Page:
Nevada Family and Medical Leave Laws

In 1993, the Family and Medical Leave Act (FMLA) was signed into law. The FMLA provides employees of eligible businesses with the right to take much needed leave from work without having to worry about losing their jobs. As with many federal statutes, each individual state adds its own codicils to the law. In Nevada, variances on the federal leave laws apply only to public-sector employees. In cases other than pregnancy, employees who work for private employers defer to the federal Family Medical Leave Act guidelines when taking leave for medical or family issues. fake mc malaysia

Nevada public and private employers that grant paid or unpaid leave to employees for sickness or disability must do the same for employees who are pregnant.

Public-Sector Employers

Nevada’s family and medical leave laws for public employees are basically identical to the federal guidelines. Qualified employees are entitled to 12 weeks of unpaid leave during a 12-month period. To be considered qualified, employees must have worked least 12 months for a state agency with 50 or more employees and accumulated at least 1, 250 worked hours in the 12 months prior to taking leave.

State employees can take leave for the following reasons:

  • For the birth of, or to care, for the employee’s newborn child;
  • For placement of an adopted or foster child;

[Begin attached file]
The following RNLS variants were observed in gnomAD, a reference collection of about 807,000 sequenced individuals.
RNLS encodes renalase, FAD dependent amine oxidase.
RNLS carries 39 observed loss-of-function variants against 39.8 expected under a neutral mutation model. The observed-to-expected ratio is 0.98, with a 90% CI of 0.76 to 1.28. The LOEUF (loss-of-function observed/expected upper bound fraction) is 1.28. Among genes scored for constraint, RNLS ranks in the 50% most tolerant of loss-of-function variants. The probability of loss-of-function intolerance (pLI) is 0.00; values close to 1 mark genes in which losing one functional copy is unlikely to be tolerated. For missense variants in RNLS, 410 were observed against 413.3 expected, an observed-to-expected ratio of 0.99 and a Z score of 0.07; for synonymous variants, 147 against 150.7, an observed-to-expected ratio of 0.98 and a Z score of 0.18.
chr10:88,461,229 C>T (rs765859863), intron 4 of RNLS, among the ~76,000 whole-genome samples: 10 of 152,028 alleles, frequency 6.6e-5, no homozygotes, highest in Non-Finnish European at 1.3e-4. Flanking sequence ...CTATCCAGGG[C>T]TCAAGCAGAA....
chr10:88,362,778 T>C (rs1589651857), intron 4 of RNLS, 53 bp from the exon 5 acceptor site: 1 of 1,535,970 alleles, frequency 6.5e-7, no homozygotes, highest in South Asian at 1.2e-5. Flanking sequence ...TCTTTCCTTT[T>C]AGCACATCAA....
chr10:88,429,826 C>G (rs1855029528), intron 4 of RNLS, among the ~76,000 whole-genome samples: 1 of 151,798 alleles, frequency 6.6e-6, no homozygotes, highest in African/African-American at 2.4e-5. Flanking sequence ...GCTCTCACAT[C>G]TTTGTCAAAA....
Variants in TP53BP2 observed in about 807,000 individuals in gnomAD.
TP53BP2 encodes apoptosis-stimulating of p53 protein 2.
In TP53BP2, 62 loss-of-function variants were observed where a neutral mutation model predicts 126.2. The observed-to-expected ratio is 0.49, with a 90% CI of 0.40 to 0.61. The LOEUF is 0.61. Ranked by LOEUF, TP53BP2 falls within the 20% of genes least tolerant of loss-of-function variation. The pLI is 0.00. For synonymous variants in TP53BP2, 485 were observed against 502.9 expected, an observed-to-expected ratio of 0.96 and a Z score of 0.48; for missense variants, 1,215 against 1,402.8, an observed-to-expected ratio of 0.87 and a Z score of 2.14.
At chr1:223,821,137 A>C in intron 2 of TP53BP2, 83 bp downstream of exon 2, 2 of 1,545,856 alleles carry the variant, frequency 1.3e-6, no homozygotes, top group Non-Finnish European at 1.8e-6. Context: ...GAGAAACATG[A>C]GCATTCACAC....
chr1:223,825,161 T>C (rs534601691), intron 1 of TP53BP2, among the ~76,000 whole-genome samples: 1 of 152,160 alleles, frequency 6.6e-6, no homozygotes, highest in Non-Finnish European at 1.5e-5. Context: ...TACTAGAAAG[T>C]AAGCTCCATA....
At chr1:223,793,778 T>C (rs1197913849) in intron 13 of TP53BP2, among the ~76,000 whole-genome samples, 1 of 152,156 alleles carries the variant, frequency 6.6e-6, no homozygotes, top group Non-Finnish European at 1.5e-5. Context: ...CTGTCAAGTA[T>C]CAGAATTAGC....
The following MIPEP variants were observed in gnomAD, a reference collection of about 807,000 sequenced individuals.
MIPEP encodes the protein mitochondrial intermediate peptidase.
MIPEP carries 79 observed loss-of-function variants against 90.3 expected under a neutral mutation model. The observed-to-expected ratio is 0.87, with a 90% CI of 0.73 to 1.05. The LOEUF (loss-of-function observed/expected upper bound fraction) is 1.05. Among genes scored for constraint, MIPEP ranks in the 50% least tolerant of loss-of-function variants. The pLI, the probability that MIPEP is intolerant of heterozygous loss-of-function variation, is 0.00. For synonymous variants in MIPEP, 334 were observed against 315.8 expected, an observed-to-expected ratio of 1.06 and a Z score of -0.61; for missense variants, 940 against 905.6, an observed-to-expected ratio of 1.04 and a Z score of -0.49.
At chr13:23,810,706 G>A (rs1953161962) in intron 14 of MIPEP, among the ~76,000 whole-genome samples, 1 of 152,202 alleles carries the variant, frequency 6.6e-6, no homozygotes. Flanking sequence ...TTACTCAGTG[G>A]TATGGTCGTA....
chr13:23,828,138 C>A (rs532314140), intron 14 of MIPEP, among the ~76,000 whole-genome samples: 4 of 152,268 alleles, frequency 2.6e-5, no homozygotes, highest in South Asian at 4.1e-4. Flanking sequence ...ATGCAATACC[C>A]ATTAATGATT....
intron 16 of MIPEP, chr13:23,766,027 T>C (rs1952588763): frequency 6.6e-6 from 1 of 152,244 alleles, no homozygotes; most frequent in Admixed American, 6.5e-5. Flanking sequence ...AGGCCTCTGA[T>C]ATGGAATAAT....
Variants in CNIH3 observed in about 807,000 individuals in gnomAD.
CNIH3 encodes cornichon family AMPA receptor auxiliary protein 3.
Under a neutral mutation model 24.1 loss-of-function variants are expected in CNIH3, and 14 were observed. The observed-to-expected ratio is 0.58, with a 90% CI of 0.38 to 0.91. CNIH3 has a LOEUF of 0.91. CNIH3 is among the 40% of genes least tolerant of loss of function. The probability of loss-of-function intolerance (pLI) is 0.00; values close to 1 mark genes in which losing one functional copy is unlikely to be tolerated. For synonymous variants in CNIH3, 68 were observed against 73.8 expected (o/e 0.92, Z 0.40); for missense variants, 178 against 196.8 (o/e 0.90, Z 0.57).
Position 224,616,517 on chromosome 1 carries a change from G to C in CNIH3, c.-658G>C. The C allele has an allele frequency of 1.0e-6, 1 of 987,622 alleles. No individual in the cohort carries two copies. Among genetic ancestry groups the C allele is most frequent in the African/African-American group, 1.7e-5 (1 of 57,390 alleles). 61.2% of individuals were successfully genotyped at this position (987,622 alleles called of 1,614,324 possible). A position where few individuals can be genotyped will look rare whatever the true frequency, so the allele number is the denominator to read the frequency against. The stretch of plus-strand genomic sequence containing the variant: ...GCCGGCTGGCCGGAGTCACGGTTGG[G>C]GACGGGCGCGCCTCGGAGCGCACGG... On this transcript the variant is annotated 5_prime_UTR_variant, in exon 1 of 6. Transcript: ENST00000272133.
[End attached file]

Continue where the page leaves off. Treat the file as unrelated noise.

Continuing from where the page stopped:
• To care for the employee’s child, spouse or parent (in-laws are not included) who has a serious medical condition;
  • For the employee’s own serious health condition.


Notice and Certification

If possible, employees should request leave in writing at least 30 days prior to the beginning of the leave. Employers are allowed to ask for medical certification documenting the need for the leave. They may also request that the employee submit a statement of intent to return to work every two weeks during the leave period.

Continuation of Benefits

During an employee’s leave, the state must maintain his or her group health coverage on the same basis as if the employee had been working. Employees must continue paying their share of health plan premiums to ensure coverage.

Substitution of Paid Leave

State employees can substitute accrued paid leave for unpaid FMLA-qualifying absences. Accrued sick leave may be used if the leave is needed to care for a qualified family member or for the employee’s own serious health condition.

Accrued annual and sick leave can also be used during the 12-week period provided for the birth or adoption of a child. Sick leave may only be used in the event that the mother is physically incapacitated due to the childbirth. If either parent is caring for a child with an authorized medical need, he or she can use paid accrued leave. If the mother and father are both state employees, they are entitled to a total of 12 weeks of leave following the birth or adoption of a child.


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